You have to walk the talk. I can't say it and not do it. I've been in this business for quite a long time. I haven't always made the right choices and that's okay. The key is, "Did I learn from them?"
That is okay too.
I admit when I am wrong. That is also okay. If more leaders did that, we would have better teams. I feel as though the output that I receive from my team is they feel like they also have a seat at the table. I know what it feels like to not have a seat at the table. I like to tell people, "If you don't have a seat, build your table and invite those to it." I don't want to be the one who has the only idea in the room. If we're going to get to the best solution, it's going to take diverse thought. That's what you have to do. You have to make your people believe in themselves so that they have the courage to speak up.
It's the other thing too. I always find that in great leaders, it doesn't matter what industry. They break bread. That's the first thing you went to, "Let's break some bread and sit down. Let's have dinner, lunch, or breakfast." I'm always telling salespeople too, "Have breakfast because that's usually the cheapest meal anyway. At least have breakfast with them. Everybody likes an Egg McMuffin at the end of the day." You close out that stadium. What year? Talk about your role in the new building from there.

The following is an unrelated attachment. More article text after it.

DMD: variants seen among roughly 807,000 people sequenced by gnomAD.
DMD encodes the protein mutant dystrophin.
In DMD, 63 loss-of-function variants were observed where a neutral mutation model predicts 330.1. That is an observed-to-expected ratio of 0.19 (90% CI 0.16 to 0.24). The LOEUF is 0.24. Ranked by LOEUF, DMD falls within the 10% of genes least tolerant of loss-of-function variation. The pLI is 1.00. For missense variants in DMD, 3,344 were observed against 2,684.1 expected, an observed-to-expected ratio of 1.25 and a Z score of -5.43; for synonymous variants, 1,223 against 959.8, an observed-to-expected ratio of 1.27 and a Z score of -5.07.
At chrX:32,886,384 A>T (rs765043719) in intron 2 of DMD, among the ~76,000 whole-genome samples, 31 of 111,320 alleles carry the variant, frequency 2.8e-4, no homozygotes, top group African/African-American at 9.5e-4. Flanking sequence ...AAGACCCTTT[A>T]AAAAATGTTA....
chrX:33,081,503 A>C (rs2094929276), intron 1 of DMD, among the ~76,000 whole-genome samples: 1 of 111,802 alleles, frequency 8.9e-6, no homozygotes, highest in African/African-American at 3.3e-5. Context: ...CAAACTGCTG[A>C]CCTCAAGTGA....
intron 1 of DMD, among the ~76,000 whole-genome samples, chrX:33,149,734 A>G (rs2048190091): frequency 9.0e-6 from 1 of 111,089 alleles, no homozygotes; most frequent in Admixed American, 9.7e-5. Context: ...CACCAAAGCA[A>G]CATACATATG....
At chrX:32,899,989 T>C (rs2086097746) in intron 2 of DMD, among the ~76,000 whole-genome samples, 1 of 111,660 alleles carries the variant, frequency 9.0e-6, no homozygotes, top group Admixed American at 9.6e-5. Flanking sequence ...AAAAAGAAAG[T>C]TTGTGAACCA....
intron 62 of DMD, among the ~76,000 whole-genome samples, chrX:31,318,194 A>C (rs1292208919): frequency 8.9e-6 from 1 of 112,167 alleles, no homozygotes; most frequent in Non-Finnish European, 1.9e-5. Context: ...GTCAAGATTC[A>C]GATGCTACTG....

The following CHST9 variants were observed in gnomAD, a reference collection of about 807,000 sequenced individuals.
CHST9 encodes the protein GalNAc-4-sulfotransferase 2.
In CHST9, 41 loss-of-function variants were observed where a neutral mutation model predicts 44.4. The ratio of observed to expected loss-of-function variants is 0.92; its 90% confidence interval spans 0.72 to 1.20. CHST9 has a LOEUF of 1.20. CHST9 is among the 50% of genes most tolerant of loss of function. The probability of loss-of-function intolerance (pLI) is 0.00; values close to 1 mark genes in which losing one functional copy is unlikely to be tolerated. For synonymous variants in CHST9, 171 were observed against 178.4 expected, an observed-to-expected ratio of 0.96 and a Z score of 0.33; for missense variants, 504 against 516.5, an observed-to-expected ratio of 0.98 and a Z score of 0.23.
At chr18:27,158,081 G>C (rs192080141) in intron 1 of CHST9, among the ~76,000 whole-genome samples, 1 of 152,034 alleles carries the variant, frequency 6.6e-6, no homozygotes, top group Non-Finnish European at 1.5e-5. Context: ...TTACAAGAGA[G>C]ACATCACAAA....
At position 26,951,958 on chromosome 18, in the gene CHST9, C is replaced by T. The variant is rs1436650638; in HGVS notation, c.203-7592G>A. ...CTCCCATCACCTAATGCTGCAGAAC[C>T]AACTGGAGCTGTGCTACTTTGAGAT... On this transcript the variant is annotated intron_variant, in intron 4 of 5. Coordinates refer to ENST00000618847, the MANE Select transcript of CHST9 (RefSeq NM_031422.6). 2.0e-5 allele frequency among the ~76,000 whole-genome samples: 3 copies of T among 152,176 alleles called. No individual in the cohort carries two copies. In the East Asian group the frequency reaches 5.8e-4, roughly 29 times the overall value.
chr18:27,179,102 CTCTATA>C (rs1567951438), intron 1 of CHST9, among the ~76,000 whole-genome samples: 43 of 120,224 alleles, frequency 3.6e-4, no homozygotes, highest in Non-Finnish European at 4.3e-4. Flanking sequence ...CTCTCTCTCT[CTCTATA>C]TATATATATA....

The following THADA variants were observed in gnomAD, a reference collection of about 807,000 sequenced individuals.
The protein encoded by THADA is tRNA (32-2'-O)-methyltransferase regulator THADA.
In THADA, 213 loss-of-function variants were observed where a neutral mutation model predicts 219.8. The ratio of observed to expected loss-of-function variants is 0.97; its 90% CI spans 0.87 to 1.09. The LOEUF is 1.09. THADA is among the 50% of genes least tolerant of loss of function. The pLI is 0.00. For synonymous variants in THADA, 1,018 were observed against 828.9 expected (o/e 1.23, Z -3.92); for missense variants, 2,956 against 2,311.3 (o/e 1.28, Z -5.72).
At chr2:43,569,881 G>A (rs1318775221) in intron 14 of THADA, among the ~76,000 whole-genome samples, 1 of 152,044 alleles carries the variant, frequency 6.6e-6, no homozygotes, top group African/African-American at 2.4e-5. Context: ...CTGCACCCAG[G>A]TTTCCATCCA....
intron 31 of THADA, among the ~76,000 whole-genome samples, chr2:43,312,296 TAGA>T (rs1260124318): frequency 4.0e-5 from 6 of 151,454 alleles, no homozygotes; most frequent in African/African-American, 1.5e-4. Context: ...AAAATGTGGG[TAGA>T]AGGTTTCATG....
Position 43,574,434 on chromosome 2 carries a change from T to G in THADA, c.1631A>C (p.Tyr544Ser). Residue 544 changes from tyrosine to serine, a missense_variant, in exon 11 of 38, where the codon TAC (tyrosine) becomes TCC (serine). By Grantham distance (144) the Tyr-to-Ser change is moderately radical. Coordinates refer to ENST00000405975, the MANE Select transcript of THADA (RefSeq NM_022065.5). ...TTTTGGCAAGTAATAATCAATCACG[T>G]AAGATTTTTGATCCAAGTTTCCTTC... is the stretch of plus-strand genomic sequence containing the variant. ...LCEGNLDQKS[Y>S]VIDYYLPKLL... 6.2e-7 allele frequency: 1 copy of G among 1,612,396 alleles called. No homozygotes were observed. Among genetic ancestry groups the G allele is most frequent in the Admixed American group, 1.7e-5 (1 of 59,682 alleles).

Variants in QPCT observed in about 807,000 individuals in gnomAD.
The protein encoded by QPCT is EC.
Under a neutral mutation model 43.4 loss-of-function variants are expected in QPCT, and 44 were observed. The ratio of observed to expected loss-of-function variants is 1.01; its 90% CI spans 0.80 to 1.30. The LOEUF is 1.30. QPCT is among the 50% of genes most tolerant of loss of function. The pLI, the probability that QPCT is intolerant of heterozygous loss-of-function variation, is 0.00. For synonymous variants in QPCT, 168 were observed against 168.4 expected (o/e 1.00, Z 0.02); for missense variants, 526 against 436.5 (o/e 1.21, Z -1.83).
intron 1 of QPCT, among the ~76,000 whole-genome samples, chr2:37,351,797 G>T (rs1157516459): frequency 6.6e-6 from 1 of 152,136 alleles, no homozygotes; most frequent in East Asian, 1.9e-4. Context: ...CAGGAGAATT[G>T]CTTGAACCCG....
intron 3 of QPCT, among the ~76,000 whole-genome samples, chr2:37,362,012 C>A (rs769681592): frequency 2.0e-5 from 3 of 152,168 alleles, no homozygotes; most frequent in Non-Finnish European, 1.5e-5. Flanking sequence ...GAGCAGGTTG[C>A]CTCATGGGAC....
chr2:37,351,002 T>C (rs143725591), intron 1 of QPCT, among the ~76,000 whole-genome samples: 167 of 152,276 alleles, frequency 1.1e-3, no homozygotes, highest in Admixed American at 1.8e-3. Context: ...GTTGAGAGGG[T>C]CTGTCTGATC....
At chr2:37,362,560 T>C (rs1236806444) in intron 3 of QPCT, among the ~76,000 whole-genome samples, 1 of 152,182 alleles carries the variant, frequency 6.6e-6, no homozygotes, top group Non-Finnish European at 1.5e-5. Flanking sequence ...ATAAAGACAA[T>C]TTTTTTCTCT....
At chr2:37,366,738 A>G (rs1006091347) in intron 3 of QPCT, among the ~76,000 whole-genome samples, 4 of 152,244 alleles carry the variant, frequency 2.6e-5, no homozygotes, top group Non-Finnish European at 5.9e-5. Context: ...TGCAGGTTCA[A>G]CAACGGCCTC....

We closed out the building in 2019, moved to Las Vegas, and came over here. I was in the offices for about two months and then COVID happened.
It sounds like we were creeping up on that. You opened the office. You're there for two months and then everything slams in everything.
I didn't get an opportunity to get out into the community. I had a plan, "I'm going to go to this mixer, chamber event, and gala so that I can start meeting people. I want to have lunches with all of our suite owners." All of that was shut down.
Were you still in the role of the premium side of the business when you came over?
I was on the premium side of the business. We had to become creative. There were all of the regulations. We couldn't do anything. When social distancing came out, we had an idea. We wanted to make sure that our suite owners had the opportunity to see their suites. We hosted a couple of away-game viewing parties. Each suite owner was able to only invite 6 to 8 guests. They were in their little pod. They were able to watch the NFL game even though we had a year with no fans in the building.
We wanted them to still have the opportunity to experience it. They're paying all this money. We wanted them to experience it. We hosted a draft party. We started to do little things around a smaller group of people where we could make touchpoints with them. Everything was lifted. People were still a little like, "I don't know if I want to come to this event or meet with you for lunch." I had so many lunches and breakfasts. I had to get a Peloton to help myself.